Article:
Influence of the intensity, level and phase of spinal cord injury on the proliferation of T cells and T-cell-dependent antibody reactions in rats

Abstract

Study design: 

Three independent experiments in a rat model of contusive spinal cord (SC) injury were performed. Two studied the alterations induced by SC injury on some immunological aspects of the T-cell response. The third one evaluated the motor recovery of rats with low-thoracic injuries.

Objective: 

To examine the effect of level, intensity and phase of SC injury on T-cell proliferation and T-cell-dependent antibody response.

Setting: 

Neuroimmunology Department, UIMEN, IMSS-CAMINA Research Center.

Methods:

Lymphocyte proliferation and hemagglutination assays were performed. Animals were injured either moderately or severely at T1 or T12 SC segments. Analysis of peripheral T-cell proliferation in response to mitogens and to myelin basic protein (MBP), as well as of antibody production against a T-dependent antigen, was performed at acute, subacute and chronic phases.

Results:

A significant decrease of both response to mitogens and antibody production was found especially during the acute phase and in animals with severe and high (T1)-level injury. Animals with low (T12) and moderate contusions recovered to control levels at the chronic phase. An autoimmune reaction against MBP was observed only in animals with severe contusion at low level.

Conclusions:

The intensity, level and phase of SC injury differentially alter the function of T cells. These results will allow a better interpretation of studies directed to elucidate the role of T lymphocytes in various processes developed after SC injury.

Sponsorship: 

CONACYT, grant No. I29995-M.

Introduction

Lately, the function of the immunological system after spinal cord (SC) trauma has become an essential issue. The immune system protects the body from infectious diseases that are the most important causes of morbi-mortality in individuals with SC injuries.1, 2, 3, 4 Besides, recent studies have provided substantial evidence about the important role of the immune system in destructive, protective or restorative phenomena after SC injury.5, 6, 7, 8, 9, 10, 11, 12, 13, 14 Thus, alterations of the immunological function after an insult upon the SC is an important issue to study.

Previous studies conducted by Campagnolo et al15, 16 suggested that individuals with complete cervical SC injury presented more immunological alterations than those with lower lesions. Currently, no data from well-controlled studies about this issue exist. Similarly, the intensity of injury and the phase after damage have not been investigated in relation to their effect upon immune competence.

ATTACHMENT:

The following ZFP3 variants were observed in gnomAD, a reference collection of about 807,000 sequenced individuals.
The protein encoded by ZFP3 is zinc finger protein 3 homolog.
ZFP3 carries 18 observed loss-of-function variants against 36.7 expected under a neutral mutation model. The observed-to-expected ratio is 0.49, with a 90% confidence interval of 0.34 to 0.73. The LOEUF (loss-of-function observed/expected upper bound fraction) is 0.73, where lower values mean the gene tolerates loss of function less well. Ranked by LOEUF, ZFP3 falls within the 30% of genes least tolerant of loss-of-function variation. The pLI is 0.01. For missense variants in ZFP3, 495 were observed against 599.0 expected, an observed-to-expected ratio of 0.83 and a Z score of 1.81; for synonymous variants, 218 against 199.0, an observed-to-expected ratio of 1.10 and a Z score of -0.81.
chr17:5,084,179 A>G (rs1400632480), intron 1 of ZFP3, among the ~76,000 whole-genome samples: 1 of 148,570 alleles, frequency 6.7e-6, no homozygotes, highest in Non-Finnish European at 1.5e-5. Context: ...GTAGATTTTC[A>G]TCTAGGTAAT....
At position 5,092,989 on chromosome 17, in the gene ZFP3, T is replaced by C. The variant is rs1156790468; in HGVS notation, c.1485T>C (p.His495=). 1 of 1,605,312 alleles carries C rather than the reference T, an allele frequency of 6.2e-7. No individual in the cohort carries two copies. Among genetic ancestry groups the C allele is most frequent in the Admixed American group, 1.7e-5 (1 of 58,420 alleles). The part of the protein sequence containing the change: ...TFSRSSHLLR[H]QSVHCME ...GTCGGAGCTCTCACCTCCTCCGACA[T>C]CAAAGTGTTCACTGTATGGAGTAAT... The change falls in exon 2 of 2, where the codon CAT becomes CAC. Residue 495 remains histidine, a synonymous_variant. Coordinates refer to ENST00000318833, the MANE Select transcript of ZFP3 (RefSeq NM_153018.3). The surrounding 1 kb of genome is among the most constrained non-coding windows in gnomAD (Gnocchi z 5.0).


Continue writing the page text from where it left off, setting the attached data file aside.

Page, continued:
In this work, we evaluated the influence of the level, intensity and phase after lesion on T-cell proliferation and on T-cell-dependent antibody production in a controlled model of SC contusion.

Methods

Study design and animal care

Three independent experiments were performed. In the first study the proliferative response of T cells was evaluated. For this purpose 96 Fischer 344 female adult rats, weighing 200–220 g, were allocated into four groups (n=24): group 1, rats submitted to moderate SC contusion at T1 SC-segment (moderate-T1); group 2, rats with moderate SC contusion at T12 SC-segment (moderate-T12); group 3, rats with severe SC contusion at T1 (severe-T1) and group 4, rats with severe SC contusion at T12 (severe-T12). The rats of each group were killed to be studied 1 day (acute phase of lesion, n=8), 10 days (subacute, n=8) or 30 days (chronic, n=8) after SC contusion. In a second independent experiment, T-dependent antibody reactions were evaluated. Thirty-two rats were subjected to an SC contusion and then allocated into four groups (as described for the first experiment, n=8 per group). Serum samples from each rat were obtained at 7, 14, 21, 28, 35, 60 and 90 days after SC injury. Finally in the third experiment, 14 rats were subjected to a moderate (n=7) or a severe (n=7) contusion at T12 level to assess motor recovery.

Animals that were only anesthetized (with no surgical procedure, ie naïve) or subjected to laminectomy at T1 level (sham injured) were used as controls of immune function assessment (n=8 per group). The animals were matched for age and weight in each experiment and housed in a light- and temperature-controlled room. To minimize stress, all animals were handled at least once or twice a day, starting 7 days before surgical procedure; likewise, they were housed in groups of two animals. Efforts were made to minimize both animal suffering and number of rats used. All applicable institutional and governmental regulations concerning the ethical use of animals were followed during the course of this research. All procedures were in accordance with the National Institutes of Health (US) Guide for the Care and Use of Laboratory Animals. Sterile beds and filtered water were replaced daily. Bladder draining was assisted by massage at least twice a day until normal function was attained. During the first week after contusion, the animals received a course of gentamicin (1 mg/kg, subcutaneously) per day, and were carefully monitored for evidence of urinary tract infections or any other sign of systemic disease. Animals with overt signs of bladder or respiratory infections (eg cloudy or bloody urine, stertors or breathing difficulty) were excluded from the study.

Spinal cord injury

Rats were anesthetized with ketamine at 77.5 mg/kg and xylazine at 12.5 mg/kg. Thirty minutes later, they were subjected to laminectomy at T1 or T12 segment, a 10-g rod was dropped onto the laminectomized cord from a height of 50 (severe) or 25 mm (moderate), using the NYU impactor (NYU, New York, USA), a device shown to inflict a well-calibrated contusive injury of the SC.17